Sabrina Carmona Focuses on Player Motivation to Create Games for Everyone
Senior Producer at King Digital Entertainment
Creating games with mass appeal and longevity isn’t child’s play. As part of our Mobile Gaming in March series, we interviewed Sabrina Carmona, Senior Producer at King Digital Entertainment. Sabrina is a team lead for the Farm Heroes Franchise, one of the world’s most popular free-to-play mobile games. She shared some insights on how to create a game that you can continue to build on for years to come. Read on for some great tips to help your game out-play the competition.
How did you get into developing mobile games?
I started in Sao Paolo 10 years ago, when the gaming industry was fairly new. I was part of the first ever class that graduated in game development in Brazil and the second female to start developing games in the country. During the program, my passion for gaming led me to form a research group on game development and I became the first person in the country with a Master’s degree in gaming and processes.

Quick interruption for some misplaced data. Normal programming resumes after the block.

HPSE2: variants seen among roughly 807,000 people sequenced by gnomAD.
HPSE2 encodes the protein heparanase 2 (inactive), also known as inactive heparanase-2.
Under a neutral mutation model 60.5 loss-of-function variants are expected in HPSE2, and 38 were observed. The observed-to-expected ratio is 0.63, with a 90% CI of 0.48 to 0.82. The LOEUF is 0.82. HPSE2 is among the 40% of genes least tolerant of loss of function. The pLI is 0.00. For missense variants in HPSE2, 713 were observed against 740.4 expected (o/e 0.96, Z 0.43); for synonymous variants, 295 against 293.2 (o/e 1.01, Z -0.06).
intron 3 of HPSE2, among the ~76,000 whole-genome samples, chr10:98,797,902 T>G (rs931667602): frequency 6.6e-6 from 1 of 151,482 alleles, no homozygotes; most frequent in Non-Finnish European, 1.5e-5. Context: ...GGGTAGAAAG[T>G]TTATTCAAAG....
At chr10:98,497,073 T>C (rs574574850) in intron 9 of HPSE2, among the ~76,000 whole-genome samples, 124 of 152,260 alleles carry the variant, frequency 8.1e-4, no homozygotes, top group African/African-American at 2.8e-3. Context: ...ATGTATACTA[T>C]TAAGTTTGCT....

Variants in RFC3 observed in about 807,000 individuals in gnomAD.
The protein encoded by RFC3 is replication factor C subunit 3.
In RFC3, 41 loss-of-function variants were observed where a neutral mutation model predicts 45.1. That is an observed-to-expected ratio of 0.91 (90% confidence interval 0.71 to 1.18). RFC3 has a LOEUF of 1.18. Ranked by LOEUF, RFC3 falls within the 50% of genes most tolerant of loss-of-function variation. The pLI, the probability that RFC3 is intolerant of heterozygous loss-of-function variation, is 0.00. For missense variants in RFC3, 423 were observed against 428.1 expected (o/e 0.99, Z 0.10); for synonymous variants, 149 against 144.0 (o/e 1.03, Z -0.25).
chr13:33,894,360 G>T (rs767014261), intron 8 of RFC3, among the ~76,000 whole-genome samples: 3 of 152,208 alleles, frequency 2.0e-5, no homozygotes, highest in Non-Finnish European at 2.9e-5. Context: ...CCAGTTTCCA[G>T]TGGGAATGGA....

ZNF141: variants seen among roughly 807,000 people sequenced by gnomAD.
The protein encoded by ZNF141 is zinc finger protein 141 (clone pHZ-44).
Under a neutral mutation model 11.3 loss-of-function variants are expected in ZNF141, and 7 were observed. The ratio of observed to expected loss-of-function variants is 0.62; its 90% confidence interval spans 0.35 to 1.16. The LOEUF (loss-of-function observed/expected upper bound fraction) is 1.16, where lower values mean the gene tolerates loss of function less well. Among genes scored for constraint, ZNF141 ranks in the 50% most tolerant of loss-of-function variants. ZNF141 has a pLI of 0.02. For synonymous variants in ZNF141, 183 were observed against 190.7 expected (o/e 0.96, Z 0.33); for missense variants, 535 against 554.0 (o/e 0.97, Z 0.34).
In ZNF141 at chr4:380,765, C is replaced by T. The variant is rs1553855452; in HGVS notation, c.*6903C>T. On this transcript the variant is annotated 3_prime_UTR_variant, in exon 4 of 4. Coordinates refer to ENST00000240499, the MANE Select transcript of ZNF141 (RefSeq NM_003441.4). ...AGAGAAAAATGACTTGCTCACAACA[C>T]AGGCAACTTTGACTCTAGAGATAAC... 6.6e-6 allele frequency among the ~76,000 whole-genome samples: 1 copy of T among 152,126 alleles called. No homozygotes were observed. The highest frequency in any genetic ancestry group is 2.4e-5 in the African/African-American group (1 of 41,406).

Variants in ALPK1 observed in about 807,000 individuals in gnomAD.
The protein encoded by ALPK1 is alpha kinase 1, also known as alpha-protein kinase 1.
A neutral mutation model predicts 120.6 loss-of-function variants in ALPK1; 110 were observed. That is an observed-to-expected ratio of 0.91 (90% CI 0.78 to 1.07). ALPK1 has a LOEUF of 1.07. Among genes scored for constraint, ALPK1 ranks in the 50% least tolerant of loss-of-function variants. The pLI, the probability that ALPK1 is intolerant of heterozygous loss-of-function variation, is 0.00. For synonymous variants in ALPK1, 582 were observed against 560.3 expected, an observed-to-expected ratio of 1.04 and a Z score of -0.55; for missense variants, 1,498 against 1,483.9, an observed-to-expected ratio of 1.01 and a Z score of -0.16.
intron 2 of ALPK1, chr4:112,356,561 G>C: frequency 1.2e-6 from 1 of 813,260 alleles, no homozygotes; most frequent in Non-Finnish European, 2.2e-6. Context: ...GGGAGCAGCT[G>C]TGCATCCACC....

From there, I had an investor approach me to help him open a game studio as the producer and to carry out the vision and manage the team. After that I started my own studio, but sold it after a couple years because I wanted to learn more about production and play in the big leagues.
I then worked at a few larger game studios like Square Enix in Mexico, Behaviour Interactive in Chile, and Goodgame studios in Germany before landing a job at King in Stockholm. That was when I really started to learn about how to create free-to-play games and mobile gaming. Today I lead a Farm Heroes team here in London.
What was the biggest challenge you faced when you started developing mobile games?
I was working in an environment where there was hardly any support for the gaming industry. It was up to us entrepreneurs to define success and how to make the gaming industry work in Brazil. There were few resources available to help determine the right direction for a game or how to maximize user acquisition with no money. During that time, we all leaned on fellow game developers to figure things out. I also looked at what was being done in other markets for answers and attended conferences like GDC.
What is your process for developing mobile games?
With any game you make there are three basic questions to answer – who it’s for, what it is, and why it’s like that.